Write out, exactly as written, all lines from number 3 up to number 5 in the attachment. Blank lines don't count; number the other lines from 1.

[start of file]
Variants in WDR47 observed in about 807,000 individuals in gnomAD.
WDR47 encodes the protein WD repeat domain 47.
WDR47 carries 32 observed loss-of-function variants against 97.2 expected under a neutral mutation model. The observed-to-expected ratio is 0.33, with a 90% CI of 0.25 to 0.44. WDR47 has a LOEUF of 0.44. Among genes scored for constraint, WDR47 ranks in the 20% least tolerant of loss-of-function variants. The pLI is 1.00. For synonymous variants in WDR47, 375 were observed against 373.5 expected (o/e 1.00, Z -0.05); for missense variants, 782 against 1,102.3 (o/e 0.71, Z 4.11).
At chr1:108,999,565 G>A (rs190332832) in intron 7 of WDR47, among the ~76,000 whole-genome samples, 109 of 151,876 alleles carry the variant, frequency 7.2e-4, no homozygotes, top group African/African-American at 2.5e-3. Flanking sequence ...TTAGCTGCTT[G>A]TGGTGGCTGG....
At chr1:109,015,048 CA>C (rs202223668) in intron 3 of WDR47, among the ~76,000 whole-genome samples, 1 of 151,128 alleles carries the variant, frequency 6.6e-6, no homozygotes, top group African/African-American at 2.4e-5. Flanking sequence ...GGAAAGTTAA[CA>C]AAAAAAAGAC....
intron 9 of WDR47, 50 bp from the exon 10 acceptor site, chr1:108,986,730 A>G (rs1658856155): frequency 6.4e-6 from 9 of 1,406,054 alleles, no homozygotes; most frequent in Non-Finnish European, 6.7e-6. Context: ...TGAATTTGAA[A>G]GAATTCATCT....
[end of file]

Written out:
WDR47 carries 32 observed loss-of-function variants against 97.2 expected under a neutral mutation model. The observed-to-expected ratio is 0.33, with a 90% CI of 0.25 to 0.44. WDR47 has a LOEUF of 0.44. Among genes scored for constraint, WDR47 ranks in the 20% least tolerant of loss-of-function variants. The pLI is 1.00. For synonymous variants in WDR47, 375 were observed against 373.5 expected (o/e 1.00, Z -0.05); for missense variants, 782 against 1,102.3 (o/e 0.71, Z 4.11).
At chr1:108,999,565 G>A (rs190332832) in intron 7 of WDR47, among the ~76,000 whole-genome samples, 109 of 151,876 alleles carry the variant, frequency 7.2e-4, no homozygotes, top group African/African-American at 2.5e-3. Flanking sequence ...TTAGCTGCTT[G>A]TGGTGGCTGG....
At chr1:109,015,048 CA>C (rs202223668) in intron 3 of WDR47, among the ~76,000 whole-genome samples, 1 of 151,128 alleles carries the variant, frequency 6.6e-6, no homozygotes, top group African/African-American at 2.4e-5. Flanking sequence ...GGAAAGTTAA[CA>C]AAAAAAAGAC....